Overcome Compliance Fear with Application Rationalisation
IT Managers are usually judged successful IF “Nothing Went Wrong!”. This can lead to a focus on effectiveness at the expense of efficiency. Failure to comply with software licensing conditions may result in a public relations nightmare and career risks for some organisations. In response to this potential threat, IT managers have typically over-purchased software licenses to ensure compliance.
This approach, favoured for so long, is finally changing. The growing trend in software management now is applications rationalisation. Efficient life cycle management of a portfolio of software applications is replacing traditional compliance based software asset management (SAM).
Ask any IT Director if all applications are used and the reply will be “No but I don’t know how much or where unsued technology is”.
If you have a process around which you can create and maintain a supported software catalogue, then you are in a much better position to turn to a third-party support company and say: “These are the titles we need help on; we will tell you when the list grows, and when the list gets pruned.” You can start by stating that all existing installed software will be supported and maintained, but let’s fast-forward to another process that could drastically scale back such a list.
If software isn’t being used within a set period of time, what are you doing leaving it installed on a system? Get it removed!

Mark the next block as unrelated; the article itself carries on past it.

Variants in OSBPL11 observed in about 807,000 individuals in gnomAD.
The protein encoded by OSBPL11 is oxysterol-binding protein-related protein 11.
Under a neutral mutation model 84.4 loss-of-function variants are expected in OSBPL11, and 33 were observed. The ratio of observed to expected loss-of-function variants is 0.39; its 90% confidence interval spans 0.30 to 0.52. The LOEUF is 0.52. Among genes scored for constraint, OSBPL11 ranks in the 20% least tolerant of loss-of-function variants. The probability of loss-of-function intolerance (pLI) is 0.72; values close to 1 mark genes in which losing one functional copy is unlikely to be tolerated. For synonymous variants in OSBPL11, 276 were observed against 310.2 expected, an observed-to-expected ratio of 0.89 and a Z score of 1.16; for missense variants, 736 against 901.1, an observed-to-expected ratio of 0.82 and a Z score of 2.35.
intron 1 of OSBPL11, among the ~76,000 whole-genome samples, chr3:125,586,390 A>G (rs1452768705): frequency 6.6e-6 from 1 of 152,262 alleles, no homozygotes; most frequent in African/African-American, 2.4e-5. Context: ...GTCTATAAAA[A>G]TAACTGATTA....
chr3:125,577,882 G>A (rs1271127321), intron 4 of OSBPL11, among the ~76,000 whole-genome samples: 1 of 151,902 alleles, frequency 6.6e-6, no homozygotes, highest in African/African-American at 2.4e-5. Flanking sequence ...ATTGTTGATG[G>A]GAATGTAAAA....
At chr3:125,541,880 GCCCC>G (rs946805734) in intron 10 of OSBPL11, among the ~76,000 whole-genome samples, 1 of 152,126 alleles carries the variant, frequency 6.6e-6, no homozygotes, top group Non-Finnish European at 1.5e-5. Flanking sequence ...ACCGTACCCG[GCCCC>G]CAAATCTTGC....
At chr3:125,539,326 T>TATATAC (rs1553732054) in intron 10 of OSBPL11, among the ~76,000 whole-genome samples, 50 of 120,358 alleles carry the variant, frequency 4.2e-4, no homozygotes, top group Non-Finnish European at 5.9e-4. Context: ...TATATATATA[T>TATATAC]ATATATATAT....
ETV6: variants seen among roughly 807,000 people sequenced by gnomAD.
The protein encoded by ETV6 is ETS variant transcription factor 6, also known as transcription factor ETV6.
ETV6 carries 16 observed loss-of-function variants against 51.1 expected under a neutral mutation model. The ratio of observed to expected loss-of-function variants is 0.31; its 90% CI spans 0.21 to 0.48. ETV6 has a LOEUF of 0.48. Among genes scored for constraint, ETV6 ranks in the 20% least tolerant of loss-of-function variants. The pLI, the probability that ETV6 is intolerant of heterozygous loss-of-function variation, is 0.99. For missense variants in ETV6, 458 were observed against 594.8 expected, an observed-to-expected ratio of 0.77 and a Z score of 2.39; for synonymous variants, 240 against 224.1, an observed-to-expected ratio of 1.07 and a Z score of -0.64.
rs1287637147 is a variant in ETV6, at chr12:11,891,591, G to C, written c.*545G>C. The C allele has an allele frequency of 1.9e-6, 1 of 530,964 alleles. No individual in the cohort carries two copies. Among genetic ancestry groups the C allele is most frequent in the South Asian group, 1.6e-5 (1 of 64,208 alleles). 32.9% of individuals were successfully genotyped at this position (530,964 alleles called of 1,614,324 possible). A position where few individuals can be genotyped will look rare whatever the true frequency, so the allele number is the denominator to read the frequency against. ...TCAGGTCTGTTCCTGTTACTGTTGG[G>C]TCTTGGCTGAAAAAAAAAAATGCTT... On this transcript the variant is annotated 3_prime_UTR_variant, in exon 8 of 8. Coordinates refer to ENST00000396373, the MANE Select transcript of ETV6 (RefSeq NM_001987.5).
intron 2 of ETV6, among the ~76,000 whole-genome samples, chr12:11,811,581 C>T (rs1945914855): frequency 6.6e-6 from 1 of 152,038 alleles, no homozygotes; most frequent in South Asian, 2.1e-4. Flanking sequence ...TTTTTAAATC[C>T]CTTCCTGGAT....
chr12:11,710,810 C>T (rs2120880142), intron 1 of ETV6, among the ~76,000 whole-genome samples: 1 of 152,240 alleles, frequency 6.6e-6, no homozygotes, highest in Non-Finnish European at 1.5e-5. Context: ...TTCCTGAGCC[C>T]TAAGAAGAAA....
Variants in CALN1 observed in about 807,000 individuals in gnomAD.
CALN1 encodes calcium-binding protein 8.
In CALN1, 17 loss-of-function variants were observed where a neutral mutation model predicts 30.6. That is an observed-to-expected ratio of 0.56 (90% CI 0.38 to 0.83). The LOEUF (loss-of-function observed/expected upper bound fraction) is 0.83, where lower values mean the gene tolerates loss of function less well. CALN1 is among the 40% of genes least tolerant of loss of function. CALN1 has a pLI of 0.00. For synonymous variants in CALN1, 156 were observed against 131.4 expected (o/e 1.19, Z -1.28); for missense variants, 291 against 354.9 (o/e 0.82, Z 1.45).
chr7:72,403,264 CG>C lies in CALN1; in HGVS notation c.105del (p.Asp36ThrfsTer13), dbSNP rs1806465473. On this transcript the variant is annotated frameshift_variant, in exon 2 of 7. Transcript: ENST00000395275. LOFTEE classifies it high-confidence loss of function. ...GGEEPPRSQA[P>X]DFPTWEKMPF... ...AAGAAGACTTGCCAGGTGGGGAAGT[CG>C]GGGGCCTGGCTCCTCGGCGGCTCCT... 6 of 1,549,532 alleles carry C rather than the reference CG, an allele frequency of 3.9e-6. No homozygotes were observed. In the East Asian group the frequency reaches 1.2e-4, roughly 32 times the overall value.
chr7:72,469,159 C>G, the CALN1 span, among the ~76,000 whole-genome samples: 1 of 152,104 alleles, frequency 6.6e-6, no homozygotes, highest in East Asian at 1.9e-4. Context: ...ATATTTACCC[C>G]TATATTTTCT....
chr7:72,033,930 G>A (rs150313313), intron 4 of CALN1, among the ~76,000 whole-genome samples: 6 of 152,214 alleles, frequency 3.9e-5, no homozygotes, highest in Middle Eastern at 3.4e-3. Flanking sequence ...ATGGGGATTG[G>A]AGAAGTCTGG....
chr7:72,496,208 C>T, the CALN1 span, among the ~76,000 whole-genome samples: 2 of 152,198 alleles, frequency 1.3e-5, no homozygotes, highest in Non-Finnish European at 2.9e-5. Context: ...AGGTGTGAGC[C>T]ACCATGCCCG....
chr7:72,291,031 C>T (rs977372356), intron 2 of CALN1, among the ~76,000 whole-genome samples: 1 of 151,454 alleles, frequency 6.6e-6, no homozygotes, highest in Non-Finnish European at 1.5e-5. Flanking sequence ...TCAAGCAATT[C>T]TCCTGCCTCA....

Consolidating software licences offers several benefits. First, the IT department can benefit from economies of scale. Driving users to specific, preferred software means those applications that are chosen are more widely installed, so the procurement department can claim a bigger discount from a supplier. Reducing the number of un-preferred software licences also cuts support and maintenance fees.
The criteria for choosing an application should include an assessment of how reliable it is. The winner should have a good track record for uptime and user appeal.
Greater focus in support teams is another factor to consider because not every version of a software product will be required if a reduced software set is used to run your IT systems. This also reduces the dependency on subject matter experts knowing how to resolve a particular issue with esoteric software that has crept onto our network, if the use of such software has been pruned back.
My closing piece of advice is this: you don’t have to run the full assault-course of software asset management to make an informed decision on how best to manage your software assets. The above steps, and related benefits, can be taken without first having to know whether you are under- or over-compliant.
If you are interested in more details about application rationalisation, Click here to requesting our whitepaper on Application Rationalisation.